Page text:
Wednesday, May 16, 2018

Some ride

It's not that I haven't been writing here, it's just that I haven't been posting here. I've produced a double handful of drafts over the last 10 days but they keep falling apart. I suppose I should just press on and post something.

I've been really hitting it with physical training since April 30. Basic weight training, cardio, and hiking. This is a different approach for me. Over the last couple of decades I've been relying on physical labor and pleasurable hiking to keep fit, and that's worked pretty well. But I am getting older and it seems a good idea to increase my level of overall fitness while I still can, and I think daily training is a good habit for me to get into.

Over the last couple of weeks I've shed a lot of fat and rebuilt a good bit of muscle mass. I'm nowhere close to being actually fit, but I'm heading in the right direction I think. I've been telling myself over the last couple of years that I'm "more fit than most of the folks I know in my age cohort," and that's true, but "more fit than them" is not the same as actually fit. If I was actually fit I'd be 60 lbs lighter, for instance.

It's a process. Along the way there have been no few aches and pains and I'm sure they will continue, but I can live with those. So far I've not had any injuries, and I'm being pretty careful, but I'm sure there will be a few along the path. On the upside I feel much better in general and I'm sleeping better.

So why all this sudden bullshit about fitness? Couple of things, I guess.

I've been watching a close family member struggle with liver disease for many months now. The problem stems from a condition called fatty liver, which happens when the liver has a problem with handling fat. It's rather complex, but the liver begins to store triglycerides in liver cells and eventually the sheer quantity of stored lipid kills the cell. The cell then becomes scar tissue, or to use the medical term, cirrhotic. When enough cells are affected the liver loses two things -- working liver cells and the vascular pathway through those cells.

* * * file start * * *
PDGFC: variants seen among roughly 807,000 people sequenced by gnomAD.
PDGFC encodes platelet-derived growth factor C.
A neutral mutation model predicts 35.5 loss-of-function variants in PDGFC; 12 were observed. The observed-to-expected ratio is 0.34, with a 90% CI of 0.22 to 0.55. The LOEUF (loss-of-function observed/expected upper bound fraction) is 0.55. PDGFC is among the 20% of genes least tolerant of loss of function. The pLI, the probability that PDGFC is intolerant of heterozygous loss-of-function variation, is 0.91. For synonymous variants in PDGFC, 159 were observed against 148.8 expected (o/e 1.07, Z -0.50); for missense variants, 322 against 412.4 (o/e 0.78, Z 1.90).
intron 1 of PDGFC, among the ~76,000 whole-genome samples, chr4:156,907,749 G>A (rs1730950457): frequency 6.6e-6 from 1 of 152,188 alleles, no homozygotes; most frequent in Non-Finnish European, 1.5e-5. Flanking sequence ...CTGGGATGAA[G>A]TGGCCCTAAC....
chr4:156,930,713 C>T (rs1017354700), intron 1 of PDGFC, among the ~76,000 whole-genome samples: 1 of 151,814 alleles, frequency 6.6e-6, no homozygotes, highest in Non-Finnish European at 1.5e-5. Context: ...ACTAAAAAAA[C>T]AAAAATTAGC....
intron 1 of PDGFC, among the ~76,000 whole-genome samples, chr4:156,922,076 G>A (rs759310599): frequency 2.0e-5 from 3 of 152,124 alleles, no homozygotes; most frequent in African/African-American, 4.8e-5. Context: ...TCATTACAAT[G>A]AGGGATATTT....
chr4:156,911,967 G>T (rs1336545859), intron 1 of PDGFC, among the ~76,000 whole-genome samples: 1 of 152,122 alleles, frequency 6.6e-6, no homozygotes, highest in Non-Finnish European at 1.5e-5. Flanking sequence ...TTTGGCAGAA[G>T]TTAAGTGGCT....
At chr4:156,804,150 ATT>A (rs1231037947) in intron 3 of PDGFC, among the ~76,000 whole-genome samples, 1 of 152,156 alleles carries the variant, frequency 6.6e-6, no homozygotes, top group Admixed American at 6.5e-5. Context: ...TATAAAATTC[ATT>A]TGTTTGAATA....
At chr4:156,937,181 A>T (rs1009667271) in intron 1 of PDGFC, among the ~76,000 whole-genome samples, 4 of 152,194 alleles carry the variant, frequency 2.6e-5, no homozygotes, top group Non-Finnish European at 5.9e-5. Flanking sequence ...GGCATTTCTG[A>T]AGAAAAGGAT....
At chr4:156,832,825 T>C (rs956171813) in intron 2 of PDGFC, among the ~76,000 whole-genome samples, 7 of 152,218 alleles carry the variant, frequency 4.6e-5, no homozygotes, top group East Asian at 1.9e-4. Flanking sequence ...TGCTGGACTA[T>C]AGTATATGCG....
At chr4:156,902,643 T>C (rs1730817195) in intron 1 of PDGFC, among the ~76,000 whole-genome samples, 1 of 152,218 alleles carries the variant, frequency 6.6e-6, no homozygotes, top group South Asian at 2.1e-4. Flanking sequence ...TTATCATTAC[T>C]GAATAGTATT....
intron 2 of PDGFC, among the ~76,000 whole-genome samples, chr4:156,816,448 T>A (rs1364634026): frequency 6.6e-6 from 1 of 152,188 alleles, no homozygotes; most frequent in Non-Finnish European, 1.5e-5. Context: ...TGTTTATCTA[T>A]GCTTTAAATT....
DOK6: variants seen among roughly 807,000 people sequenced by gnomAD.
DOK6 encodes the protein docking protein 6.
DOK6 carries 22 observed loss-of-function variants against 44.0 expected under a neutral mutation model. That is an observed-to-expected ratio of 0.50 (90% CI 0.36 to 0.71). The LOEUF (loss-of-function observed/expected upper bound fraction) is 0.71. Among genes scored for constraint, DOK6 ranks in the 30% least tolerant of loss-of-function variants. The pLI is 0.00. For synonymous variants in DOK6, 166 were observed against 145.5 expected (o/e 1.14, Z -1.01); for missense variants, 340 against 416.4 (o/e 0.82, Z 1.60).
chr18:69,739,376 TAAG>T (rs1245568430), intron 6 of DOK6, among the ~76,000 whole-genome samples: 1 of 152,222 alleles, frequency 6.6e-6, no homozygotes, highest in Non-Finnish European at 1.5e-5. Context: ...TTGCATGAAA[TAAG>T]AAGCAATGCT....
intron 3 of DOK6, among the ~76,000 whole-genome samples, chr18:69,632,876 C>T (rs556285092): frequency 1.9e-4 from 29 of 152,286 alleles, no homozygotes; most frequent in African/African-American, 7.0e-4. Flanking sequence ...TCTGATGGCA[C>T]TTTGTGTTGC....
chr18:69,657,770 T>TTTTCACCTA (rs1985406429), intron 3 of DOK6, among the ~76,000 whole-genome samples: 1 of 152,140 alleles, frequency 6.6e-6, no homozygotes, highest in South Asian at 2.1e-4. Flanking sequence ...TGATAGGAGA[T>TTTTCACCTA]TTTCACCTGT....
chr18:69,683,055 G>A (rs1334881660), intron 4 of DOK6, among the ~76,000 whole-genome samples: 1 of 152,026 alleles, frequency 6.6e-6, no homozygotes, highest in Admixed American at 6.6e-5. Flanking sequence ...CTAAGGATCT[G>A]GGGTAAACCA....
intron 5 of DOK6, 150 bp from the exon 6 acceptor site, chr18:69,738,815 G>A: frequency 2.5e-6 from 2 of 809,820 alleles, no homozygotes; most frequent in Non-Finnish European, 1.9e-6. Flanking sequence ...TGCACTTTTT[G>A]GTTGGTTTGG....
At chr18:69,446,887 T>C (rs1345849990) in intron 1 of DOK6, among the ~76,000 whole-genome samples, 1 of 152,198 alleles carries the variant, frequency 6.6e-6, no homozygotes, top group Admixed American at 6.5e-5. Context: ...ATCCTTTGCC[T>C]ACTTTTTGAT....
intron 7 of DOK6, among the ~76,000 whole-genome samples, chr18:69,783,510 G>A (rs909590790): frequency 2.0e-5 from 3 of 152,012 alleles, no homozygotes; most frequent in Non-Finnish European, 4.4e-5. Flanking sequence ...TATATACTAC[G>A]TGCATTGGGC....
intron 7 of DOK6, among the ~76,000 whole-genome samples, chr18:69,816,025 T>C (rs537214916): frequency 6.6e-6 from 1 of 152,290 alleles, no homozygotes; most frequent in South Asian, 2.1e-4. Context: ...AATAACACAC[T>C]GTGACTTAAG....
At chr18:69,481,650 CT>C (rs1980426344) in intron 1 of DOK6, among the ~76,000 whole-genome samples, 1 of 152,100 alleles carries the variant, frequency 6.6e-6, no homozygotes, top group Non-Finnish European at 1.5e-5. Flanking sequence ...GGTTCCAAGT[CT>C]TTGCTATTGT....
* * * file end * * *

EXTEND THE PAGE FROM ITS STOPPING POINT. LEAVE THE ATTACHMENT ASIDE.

When enough cells are lost the liver can no longer do a proper job of filtering blood and doing the metabolic magic that pretty much every other part of the body relies on.

When the intrahepatic vascular pathways are affected, other bad things happen. All of the blood that passes through the gut flows directly into the liver through the portal vein. If bloodflow through the liver is constricted, the blood pressure in the liver goes up, as does the pressure throughout the gut. This is called portal hypertension. Increased pressure in the liver soon begins to squeeze still-healthy cells until they, too, begin to die and become cirrhotic. In many ways it's a spiral of death. There are treatments that can help, and they are helping in this case. But it's a battle. The near term outcome depends on whether the still-healthy liver cells can heal themselves. Under ideal circumstances a person can survive with as little as 25 percent of the liver functioning. How will this particular case play out? It's too soon to tell. There are positive signs and negative signs.

What's the connection to fitness?

Well, in the first world fatty liver is the fastest growing segment of the death industry. Shouldn't be surprising, really. People in the first world tend to overeat and under-exercise. Excess calories get stored as fat, and first-worlders are the fattest group of humans there have ever been. There are limits to the amount of fat the body can make, store, and use; when the sheer quantity of incoming nutrients overwhelms fat production/storage/use capacity some of that fat begins to pile up in the liver cells. Sound familiar?